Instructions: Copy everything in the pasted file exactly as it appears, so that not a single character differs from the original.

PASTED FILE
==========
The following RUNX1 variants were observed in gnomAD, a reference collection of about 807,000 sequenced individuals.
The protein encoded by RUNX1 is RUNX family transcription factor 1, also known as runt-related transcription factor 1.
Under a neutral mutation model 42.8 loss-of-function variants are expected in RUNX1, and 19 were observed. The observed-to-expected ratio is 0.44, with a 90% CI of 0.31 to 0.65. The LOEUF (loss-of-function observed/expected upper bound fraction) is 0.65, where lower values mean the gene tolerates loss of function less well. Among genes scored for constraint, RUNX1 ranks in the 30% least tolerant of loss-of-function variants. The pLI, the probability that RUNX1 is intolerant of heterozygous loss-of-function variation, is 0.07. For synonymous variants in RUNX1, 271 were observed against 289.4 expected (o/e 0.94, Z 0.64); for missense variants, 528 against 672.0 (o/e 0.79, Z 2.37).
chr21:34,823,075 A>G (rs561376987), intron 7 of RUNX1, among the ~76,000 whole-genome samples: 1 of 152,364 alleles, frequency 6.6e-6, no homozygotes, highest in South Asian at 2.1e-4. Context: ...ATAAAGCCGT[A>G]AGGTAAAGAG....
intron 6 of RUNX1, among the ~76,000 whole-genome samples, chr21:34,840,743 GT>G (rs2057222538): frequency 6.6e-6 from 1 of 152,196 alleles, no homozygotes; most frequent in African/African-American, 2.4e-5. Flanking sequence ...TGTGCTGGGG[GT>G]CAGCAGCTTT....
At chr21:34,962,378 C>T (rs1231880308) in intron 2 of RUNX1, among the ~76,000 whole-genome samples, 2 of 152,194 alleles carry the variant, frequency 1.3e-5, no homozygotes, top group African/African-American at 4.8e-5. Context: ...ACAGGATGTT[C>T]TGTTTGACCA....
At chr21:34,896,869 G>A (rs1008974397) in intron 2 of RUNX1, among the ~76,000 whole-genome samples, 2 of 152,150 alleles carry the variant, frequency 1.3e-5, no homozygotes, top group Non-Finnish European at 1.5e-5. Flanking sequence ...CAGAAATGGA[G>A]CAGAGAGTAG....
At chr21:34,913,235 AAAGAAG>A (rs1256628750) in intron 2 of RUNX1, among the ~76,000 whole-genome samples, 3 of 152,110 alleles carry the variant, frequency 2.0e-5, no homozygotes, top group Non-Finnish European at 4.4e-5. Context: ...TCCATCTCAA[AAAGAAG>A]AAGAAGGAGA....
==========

The following RUNX1 variants were observed in gnomAD, a reference collection of about 807,000 sequenced individuals.
The protein encoded by RUNX1 is RUNX family transcription factor 1, also known as runt-related transcription factor 1.
Under a neutral mutation model 42.8 loss-of-function variants are expected in RUNX1, and 19 were observed. The observed-to-expected ratio is 0.44, with a 90% CI of 0.31 to 0.65. The LOEUF (loss-of-function observed/expected upper bound fraction) is 0.65, where lower values mean the gene tolerates loss of function less well. Among genes scored for constraint, RUNX1 ranks in the 30% least tolerant of loss-of-function variants. The pLI, the probability that RUNX1 is intolerant of heterozygous loss-of-function variation, is 0.07. For synonymous variants in RUNX1, 271 were observed against 289.4 expected (o/e 0.94, Z 0.64); for missense variants, 528 against 672.0 (o/e 0.79, Z 2.37).
chr21:34,823,075 A>G (rs561376987), intron 7 of RUNX1, among the ~76,000 whole-genome samples: 1 of 152,364 alleles, frequency 6.6e-6, no homozygotes, highest in South Asian at 2.1e-4. Context: ...ATAAAGCCGT[A>G]AGGTAAAGAG....
intron 6 of RUNX1, among the ~76,000 whole-genome samples, chr21:34,840,743 GT>G (rs2057222538): frequency 6.6e-6 from 1 of 152,196 alleles, no homozygotes; most frequent in African/African-American, 2.4e-5. Flanking sequence ...TGTGCTGGGG[GT>G]CAGCAGCTTT....
At chr21:34,962,378 C>T (rs1231880308) in intron 2 of RUNX1, among the ~76,000 whole-genome samples, 2 of 152,194 alleles carry the variant, frequency 1.3e-5, no homozygotes, top group African/African-American at 4.8e-5. Context: ...ACAGGATGTT[C>T]TGTTTGACCA....
At chr21:34,896,869 G>A (rs1008974397) in intron 2 of RUNX1, among the ~76,000 whole-genome samples, 2 of 152,150 alleles carry the variant, frequency 1.3e-5, no homozygotes, top group Non-Finnish European at 1.5e-5. Flanking sequence ...CAGAAATGGA[G>A]CAGAGAGTAG....
At chr21:34,913,235 AAAGAAG>A (rs1256628750) in intron 2 of RUNX1, among the ~76,000 whole-genome samples, 3 of 152,110 alleles carry the variant, frequency 2.0e-5, no homozygotes, top group Non-Finnish European at 4.4e-5. Context: ...TCCATCTCAA[AAAGAAG>A]AAGAAGGAGA....